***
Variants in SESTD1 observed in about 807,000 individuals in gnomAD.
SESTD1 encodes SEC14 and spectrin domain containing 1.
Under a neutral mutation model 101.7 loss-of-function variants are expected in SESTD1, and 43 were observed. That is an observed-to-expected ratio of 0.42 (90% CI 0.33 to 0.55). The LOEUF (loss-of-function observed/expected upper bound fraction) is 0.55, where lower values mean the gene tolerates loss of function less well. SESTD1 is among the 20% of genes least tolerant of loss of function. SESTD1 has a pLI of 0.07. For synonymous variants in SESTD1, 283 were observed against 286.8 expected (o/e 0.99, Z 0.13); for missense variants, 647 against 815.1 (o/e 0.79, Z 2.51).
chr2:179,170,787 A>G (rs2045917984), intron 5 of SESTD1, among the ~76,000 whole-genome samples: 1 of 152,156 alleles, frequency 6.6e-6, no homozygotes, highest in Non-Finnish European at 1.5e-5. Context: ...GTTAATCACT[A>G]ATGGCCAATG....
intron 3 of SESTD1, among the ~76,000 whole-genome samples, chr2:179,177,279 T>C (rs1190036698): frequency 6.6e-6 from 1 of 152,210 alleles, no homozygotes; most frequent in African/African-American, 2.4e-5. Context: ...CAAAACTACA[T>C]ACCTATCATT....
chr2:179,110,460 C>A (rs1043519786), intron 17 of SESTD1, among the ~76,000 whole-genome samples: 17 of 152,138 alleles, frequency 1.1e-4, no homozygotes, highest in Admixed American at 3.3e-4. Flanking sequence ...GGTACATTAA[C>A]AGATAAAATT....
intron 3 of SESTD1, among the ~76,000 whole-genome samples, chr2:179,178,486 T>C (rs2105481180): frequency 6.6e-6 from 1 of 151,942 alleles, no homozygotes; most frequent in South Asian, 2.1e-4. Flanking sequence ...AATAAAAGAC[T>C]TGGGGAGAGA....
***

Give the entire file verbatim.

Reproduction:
Variants in SESTD1 observed in about 807,000 individuals in gnomAD.
SESTD1 encodes SEC14 and spectrin domain containing 1.
Under a neutral mutation model 101.7 loss-of-function variants are expected in SESTD1, and 43 were observed. That is an observed-to-expected ratio of 0.42 (90% CI 0.33 to 0.55). The LOEUF (loss-of-function observed/expected upper bound fraction) is 0.55, where lower values mean the gene tolerates loss of function less well. SESTD1 is among the 20% of genes least tolerant of loss of function. SESTD1 has a pLI of 0.07. For synonymous variants in SESTD1, 283 were observed against 286.8 expected (o/e 0.99, Z 0.13); for missense variants, 647 against 815.1 (o/e 0.79, Z 2.51).
chr2:179,170,787 A>G (rs2045917984), intron 5 of SESTD1, among the ~76,000 whole-genome samples: 1 of 152,156 alleles, frequency 6.6e-6, no homozygotes, highest in Non-Finnish European at 1.5e-5. Context: ...GTTAATCACT[A>G]ATGGCCAATG....
intron 3 of SESTD1, among the ~76,000 whole-genome samples, chr2:179,177,279 T>C (rs1190036698): frequency 6.6e-6 from 1 of 152,210 alleles, no homozygotes; most frequent in African/African-American, 2.4e-5. Context: ...CAAAACTACA[T>C]ACCTATCATT....
chr2:179,110,460 C>A (rs1043519786), intron 17 of SESTD1, among the ~76,000 whole-genome samples: 17 of 152,138 alleles, frequency 1.1e-4, no homozygotes, highest in Admixed American at 3.3e-4. Flanking sequence ...GGTACATTAA[C>A]AGATAAAATT....
intron 3 of SESTD1, among the ~76,000 whole-genome samples, chr2:179,178,486 T>C (rs2105481180): frequency 6.6e-6 from 1 of 151,942 alleles, no homozygotes; most frequent in South Asian, 2.1e-4. Flanking sequence ...AATAAAAGAC[T>C]TGGGGAGAGA....